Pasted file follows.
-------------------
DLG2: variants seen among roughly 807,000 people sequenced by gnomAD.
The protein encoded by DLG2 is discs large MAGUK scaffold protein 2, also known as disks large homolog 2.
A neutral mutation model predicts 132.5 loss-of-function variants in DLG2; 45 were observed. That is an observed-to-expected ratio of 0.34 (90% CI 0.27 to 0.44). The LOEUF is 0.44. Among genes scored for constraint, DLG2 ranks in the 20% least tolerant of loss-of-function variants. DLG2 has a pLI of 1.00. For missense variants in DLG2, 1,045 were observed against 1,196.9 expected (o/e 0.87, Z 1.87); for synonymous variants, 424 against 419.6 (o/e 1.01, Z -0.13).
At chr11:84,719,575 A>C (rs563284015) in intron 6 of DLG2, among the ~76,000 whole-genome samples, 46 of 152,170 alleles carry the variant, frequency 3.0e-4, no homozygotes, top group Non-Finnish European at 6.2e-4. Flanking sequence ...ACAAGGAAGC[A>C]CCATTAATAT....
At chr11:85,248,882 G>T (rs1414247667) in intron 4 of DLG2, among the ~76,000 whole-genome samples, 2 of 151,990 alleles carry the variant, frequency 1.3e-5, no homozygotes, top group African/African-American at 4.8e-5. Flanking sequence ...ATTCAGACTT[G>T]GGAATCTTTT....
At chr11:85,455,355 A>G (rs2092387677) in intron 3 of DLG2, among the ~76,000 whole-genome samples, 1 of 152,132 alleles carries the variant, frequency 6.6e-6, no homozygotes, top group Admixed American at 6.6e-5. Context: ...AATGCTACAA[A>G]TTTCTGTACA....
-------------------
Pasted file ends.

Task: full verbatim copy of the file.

DLG2: variants seen among roughly 807,000 people sequenced by gnomAD.
The protein encoded by DLG2 is discs large MAGUK scaffold protein 2, also known as disks large homolog 2.
A neutral mutation model predicts 132.5 loss-of-function variants in DLG2; 45 were observed. That is an observed-to-expected ratio of 0.34 (90% CI 0.27 to 0.44). The LOEUF is 0.44. Among genes scored for constraint, DLG2 ranks in the 20% least tolerant of loss-of-function variants. DLG2 has a pLI of 1.00. For missense variants in DLG2, 1,045 were observed against 1,196.9 expected (o/e 0.87, Z 1.87); for synonymous variants, 424 against 419.6 (o/e 1.01, Z -0.13).
At chr11:84,719,575 A>C (rs563284015) in intron 6 of DLG2, among the ~76,000 whole-genome samples, 46 of 152,170 alleles carry the variant, frequency 3.0e-4, no homozygotes, top group Non-Finnish European at 6.2e-4. Flanking sequence ...ACAAGGAAGC[A>C]CCATTAATAT....
At chr11:85,248,882 G>T (rs1414247667) in intron 4 of DLG2, among the ~76,000 whole-genome samples, 2 of 151,990 alleles carry the variant, frequency 1.3e-5, no homozygotes, top group African/African-American at 4.8e-5. Flanking sequence ...ATTCAGACTT[G>T]GGAATCTTTT....
At chr11:85,455,355 A>G (rs2092387677) in intron 3 of DLG2, among the ~76,000 whole-genome samples, 1 of 152,132 alleles carries the variant, frequency 6.6e-6, no homozygotes, top group Admixed American at 6.6e-5. Context: ...AATGCTACAA[A>G]TTTCTGTACA....